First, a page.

This comprehensive edited treatise discusses the neurological, physiological, and cognitive aspects of interlimb coordination. It is unique in promoting a multidisciplinary perspective through introductory chapter contributions from experts in the neurosciences, experimental and developmental psychology, and kinesiology. Beginning with chapters defining the neural basis of interlimb coordination in animals, the book progresses toward an understanding of human locomotor control and coordination and the underlying brain structures and nerves that make such control possible. Section two focuses on the dynamics of interlimb coordination and the physics of movement. The final section presents information on how practice and experience affect coordination, including general skill acquisition, learning to walk, and the process involved in rhythmic tapping.


Researchers and academics in physiology and psychology, neuropsychology, neurology, sport psychology, kinesiology, and motor neuroscience, particularly those with an interest in motor control and interlimb coordination.

Table of Contents

S.P. Swinnen, J. Massion, and H. Heuer, Topics on Interlimb Coordination. The Neural Basis of Interlimb Coordination: Y. Shinoda, S. Kakei, and Y. Sugiuchi, Multisegmental Control of Axial and Limb Muscles by Single Long Descending Motor Tract Axons: Lateral versus Medial Descending Motor Systems. D. Cattaert, J.Y. Barthe, and F. Clarac, Sensory-Motor Coordination in Crustacean Limbs during Locomotion. M. Kato, Interlimb Coordination during Locomotor Activities: Spinal-Intact Cats and Chronic Cats with Horizontal and Longitudinal Separation of the Spinal Cord. J. Duysens and T. Tax, Interlimb Reflexes during Gait in Cats and Humans. J.D. Brooke, D.F. Collins, and W.E. McIlroy, Human Locomotor Control, the Ia Autogenic Spinal Pathway, and Interlimb Modulations. A. Berthoz and T. Pozzo, Head and Body Coordination during Locomotion and Complex Movements. V. Dietz, Neuronal Basis of Stance Regulation: Interlimb Coordination and Antigravity Receptor Function. M. Wiesendanger, U. Wicki, and E. Rouiller, Are There Unifying Structures in the Brain Responsible for Interlimb Coordination? G. Berlucchi, S. Aglioti, and G. Tassinari, The Role of the Corpus Callosum and Bilaterally Distributed Motor Pathways in the Synchronization of Bilateral Upper-Limb Responses to Lateralized Light Stimuli. F. Baldissera, P. Cavallari, and L. Tesio, Coordination of Cyclic Coupled Movements of Hand and Foot in Normal Subjects and on the Healthy Side of Hemiplegic Patients. N. Teasdale, C. Bard, M. Fleury, J. Paillard, R. Forget, and Y. Lamarre, Bimanual Interference in a Deafferented Patient and Control Subjects. T. Ohtsuki, Changes in Strength, Speed, and Reaction Time Induced by Simultaneous Bi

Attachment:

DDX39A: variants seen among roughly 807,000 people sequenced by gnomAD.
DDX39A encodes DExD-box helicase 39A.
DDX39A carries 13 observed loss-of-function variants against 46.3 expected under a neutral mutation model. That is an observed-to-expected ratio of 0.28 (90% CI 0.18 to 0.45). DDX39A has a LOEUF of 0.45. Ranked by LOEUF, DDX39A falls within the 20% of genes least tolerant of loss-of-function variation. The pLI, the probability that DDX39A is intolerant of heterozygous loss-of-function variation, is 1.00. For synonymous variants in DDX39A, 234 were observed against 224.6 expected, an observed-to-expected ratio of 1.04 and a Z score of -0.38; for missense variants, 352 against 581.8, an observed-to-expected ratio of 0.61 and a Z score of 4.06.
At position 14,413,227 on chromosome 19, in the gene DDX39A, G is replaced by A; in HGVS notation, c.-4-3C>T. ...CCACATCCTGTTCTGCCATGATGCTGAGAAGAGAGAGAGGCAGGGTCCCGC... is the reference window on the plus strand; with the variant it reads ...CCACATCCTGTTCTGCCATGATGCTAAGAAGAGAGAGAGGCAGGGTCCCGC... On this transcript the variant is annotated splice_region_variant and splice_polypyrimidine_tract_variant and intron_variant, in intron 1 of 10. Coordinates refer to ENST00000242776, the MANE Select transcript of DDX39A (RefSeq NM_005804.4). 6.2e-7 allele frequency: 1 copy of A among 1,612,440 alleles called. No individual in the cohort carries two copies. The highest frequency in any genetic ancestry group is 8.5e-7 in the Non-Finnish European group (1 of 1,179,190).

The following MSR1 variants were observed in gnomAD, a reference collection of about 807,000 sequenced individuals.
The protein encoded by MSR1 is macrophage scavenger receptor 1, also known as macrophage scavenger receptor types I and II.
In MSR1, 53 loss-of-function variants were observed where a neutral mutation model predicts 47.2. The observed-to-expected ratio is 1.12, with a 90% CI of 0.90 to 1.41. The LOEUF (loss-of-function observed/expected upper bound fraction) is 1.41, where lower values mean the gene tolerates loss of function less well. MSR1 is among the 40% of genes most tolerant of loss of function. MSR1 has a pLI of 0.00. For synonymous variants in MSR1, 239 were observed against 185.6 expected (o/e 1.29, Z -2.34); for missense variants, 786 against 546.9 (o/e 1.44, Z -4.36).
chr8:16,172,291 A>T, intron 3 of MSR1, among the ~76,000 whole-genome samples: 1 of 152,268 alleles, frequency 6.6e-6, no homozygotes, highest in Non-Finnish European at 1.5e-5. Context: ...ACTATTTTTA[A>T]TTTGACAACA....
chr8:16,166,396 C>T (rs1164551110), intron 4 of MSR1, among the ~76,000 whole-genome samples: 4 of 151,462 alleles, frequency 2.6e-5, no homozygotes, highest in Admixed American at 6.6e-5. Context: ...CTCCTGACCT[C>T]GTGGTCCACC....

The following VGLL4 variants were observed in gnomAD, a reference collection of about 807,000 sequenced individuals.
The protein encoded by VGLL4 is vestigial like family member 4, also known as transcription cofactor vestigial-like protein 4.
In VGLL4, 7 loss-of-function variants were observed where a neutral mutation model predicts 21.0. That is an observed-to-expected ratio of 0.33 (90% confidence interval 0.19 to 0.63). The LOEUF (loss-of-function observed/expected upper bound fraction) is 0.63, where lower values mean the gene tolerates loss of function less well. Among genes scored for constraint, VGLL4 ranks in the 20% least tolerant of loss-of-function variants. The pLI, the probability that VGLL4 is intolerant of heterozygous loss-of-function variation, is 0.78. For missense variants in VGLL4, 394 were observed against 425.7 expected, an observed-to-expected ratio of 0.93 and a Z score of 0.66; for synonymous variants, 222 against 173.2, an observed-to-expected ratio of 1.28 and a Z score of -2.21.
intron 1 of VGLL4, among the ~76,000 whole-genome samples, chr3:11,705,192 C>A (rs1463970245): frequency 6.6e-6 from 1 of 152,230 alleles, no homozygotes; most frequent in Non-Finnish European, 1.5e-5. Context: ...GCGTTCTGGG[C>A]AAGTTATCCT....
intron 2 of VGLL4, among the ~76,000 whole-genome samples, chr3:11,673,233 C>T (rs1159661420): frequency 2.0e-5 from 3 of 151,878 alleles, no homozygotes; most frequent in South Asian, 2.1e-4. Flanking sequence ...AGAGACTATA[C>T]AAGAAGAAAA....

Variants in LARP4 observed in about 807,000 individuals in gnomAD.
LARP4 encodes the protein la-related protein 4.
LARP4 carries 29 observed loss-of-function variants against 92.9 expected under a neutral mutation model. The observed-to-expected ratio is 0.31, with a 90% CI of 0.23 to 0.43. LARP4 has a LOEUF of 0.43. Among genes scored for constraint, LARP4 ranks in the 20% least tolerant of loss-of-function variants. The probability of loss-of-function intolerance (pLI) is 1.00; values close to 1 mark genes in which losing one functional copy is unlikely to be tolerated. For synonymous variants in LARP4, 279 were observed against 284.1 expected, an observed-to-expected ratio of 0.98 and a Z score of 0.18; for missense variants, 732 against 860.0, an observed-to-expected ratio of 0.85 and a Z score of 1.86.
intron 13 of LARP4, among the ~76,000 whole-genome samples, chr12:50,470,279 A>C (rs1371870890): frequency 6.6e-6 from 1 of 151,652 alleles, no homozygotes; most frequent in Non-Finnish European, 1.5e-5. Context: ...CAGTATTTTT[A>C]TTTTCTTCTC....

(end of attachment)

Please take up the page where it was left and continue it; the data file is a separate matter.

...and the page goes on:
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© 1994
Academic Press
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